Letter | Published:

An evolutionary arms race between KRAB zinc-finger genes ZNF91/93 and SVA/L1 retrotransposons

Nature volume 516, pages 242245 (11 December 2014) | Download Citation

Abstract

Throughout evolution primate genomes have been modified by waves of retrotransposon insertions1,2,3. For each wave, the host eventually finds a way to repress retrotransposon transcription and prevent further insertions. In mouse embryonic stem cells, transcriptional silencing of retrotransposons requires KAP1 (also known as TRIM28) and its repressive complex, which can be recruited to target sites by KRAB zinc-finger (KZNF) proteins such as murine-specific ZFP809 which binds to integrated murine leukaemia virus DNA elements and recruits KAP1 to repress them4,5. KZNF genes are one of the fastest growing gene families in primates and this expansion is hypothesized to enable primates to respond to newly emerged retrotransposons6,7. However, the identity of KZNF genes battling retrotransposons currently active in the human genome, such as SINE-VNTR-Alu (SVA)8 and long interspersed nuclear element 1 (L1)9, is unknown. Here we show that two primate-specific KZNF genes rapidly evolved to repress these two distinct retrotransposon families shortly after they began to spread in our ancestral genome. ZNF91 underwent a series of structural changes 8–12 million years ago that enabled it to repress SVA elements. ZNF93 evolved earlier to repress the primate L1 lineage until 12.5 million years ago when the L1PA3-subfamily of retrotransposons escaped ZNF93’s restriction through the removal of the ZNF93-binding site. Our data support a model where KZNF gene expansion limits the activity of newly emerged retrotransposon classes, and this is followed by mutations in these retrotransposons to evade repression, a cycle of events that could explain the rapid expansion of lineage-specific KZNF genes.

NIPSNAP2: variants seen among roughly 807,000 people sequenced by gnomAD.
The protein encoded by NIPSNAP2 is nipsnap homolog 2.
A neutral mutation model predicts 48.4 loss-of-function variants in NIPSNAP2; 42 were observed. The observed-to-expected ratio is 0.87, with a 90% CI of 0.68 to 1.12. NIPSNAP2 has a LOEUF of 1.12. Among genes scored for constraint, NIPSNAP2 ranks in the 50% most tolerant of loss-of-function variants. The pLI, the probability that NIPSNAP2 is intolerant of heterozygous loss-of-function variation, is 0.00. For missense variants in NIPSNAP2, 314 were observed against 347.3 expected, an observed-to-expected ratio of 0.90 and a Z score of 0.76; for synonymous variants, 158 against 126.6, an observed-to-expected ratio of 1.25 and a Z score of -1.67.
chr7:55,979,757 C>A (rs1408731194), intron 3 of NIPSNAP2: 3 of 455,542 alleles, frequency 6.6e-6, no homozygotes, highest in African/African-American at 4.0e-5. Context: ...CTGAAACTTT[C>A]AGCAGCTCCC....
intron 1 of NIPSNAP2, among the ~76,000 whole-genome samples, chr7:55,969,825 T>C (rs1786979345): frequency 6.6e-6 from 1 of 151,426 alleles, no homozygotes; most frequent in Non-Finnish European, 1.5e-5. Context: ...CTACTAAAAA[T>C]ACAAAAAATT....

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Accessions

Primary accessions

Gene Expression Omnibus

Data deposits

The data discussed in this publication have been deposited in the NCBI Gene Expression Omnibus and are accessible through GEO Series accession number GSE60211.

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Acknowledgements

This work was supported by California Institute of Regenerative Medicine (CIRM) facility awards (FA1-00617, CL1-00506-1.2) and scholar awards (TG2-01157) to F.M.J.J. and D.G. and F.M.J.J. also received a Human Frontier Science Program Postdoctoral fellowship (LT000689). D.H. is an Investigator of the Howard Hughes Medical Institute. S.K. is supported by the California Institute for Quantitative Biosciences, A.D.E. was supported by TCGA U24 24010-443720, M.H. by EMBO ALTF 292-2011, and B.P. and N.N. by ENCODE U41HG004568. We thank F. Wianny and C. Dehay (Lyon University) for the LYON-ES1 macaque embryonic stem cells; M. Oshimura and T. Inoue (Tottori University) for the E14(hChr11) trans-chromosomic embryonic stem cells, N. Pourmand and the UCSC genome sequencing center; B. Nazario (UCSC Institute for the Biology of Stem Cells) for flow cytometry assistance; M. Batzer (LSU) and K. Han (Dankook University) for L1CER sequences; L. Carbone (OHSU) for gibbon genomic DNA; A. Smit (ISB, Seattle) for discussions on L1PA evolution; D. Segal (UC Davis) for advice on ZNF mutations; H. Kazazian, D. Hancks and J. Goodier (JHMI) for retrotransposition plasmids and advice; K. Tygi, C. Vizenor, J. Rosenkrantz, W. Novey, S. Kyane and B. Mylenek for technical assistance and the entire Haussler laboratory for discussions and support.